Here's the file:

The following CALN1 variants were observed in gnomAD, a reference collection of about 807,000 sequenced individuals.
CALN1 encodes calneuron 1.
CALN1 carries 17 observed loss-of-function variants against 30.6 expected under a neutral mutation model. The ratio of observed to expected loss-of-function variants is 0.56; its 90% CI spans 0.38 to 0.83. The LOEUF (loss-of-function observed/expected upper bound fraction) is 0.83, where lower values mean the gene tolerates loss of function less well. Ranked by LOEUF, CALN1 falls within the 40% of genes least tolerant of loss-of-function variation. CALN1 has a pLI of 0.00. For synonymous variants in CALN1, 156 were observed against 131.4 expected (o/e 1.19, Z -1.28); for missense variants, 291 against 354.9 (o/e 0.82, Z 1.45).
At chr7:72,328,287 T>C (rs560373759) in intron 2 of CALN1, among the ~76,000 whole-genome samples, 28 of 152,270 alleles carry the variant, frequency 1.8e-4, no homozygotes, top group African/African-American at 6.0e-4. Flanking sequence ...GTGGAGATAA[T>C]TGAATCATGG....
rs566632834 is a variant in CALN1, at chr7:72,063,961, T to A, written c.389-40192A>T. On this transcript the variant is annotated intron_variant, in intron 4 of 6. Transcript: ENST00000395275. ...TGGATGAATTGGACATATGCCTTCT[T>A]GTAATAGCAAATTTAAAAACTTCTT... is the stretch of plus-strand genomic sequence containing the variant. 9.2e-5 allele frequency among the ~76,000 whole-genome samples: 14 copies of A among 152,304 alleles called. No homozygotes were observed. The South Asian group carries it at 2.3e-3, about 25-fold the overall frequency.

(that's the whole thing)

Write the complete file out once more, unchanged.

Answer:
The following CALN1 variants were observed in gnomAD, a reference collection of about 807,000 sequenced individuals.
CALN1 encodes calneuron 1.
CALN1 carries 17 observed loss-of-function variants against 30.6 expected under a neutral mutation model. The ratio of observed to expected loss-of-function variants is 0.56; its 90% CI spans 0.38 to 0.83. The LOEUF (loss-of-function observed/expected upper bound fraction) is 0.83, where lower values mean the gene tolerates loss of function less well. Ranked by LOEUF, CALN1 falls within the 40% of genes least tolerant of loss-of-function variation. CALN1 has a pLI of 0.00. For synonymous variants in CALN1, 156 were observed against 131.4 expected (o/e 1.19, Z -1.28); for missense variants, 291 against 354.9 (o/e 0.82, Z 1.45).
At chr7:72,328,287 T>C (rs560373759) in intron 2 of CALN1, among the ~76,000 whole-genome samples, 28 of 152,270 alleles carry the variant, frequency 1.8e-4, no homozygotes, top group African/African-American at 6.0e-4. Flanking sequence ...GTGGAGATAA[T>C]TGAATCATGG....
rs566632834 is a variant in CALN1, at chr7:72,063,961, T to A, written c.389-40192A>T. On this transcript the variant is annotated intron_variant, in intron 4 of 6. Transcript: ENST00000395275. ...TGGATGAATTGGACATATGCCTTCT[T>A]GTAATAGCAAATTTAAAAACTTCTT... is the stretch of plus-strand genomic sequence containing the variant. 9.2e-5 allele frequency among the ~76,000 whole-genome samples: 14 copies of A among 152,304 alleles called. No homozygotes were observed. The South Asian group carries it at 2.3e-3, about 25-fold the overall frequency.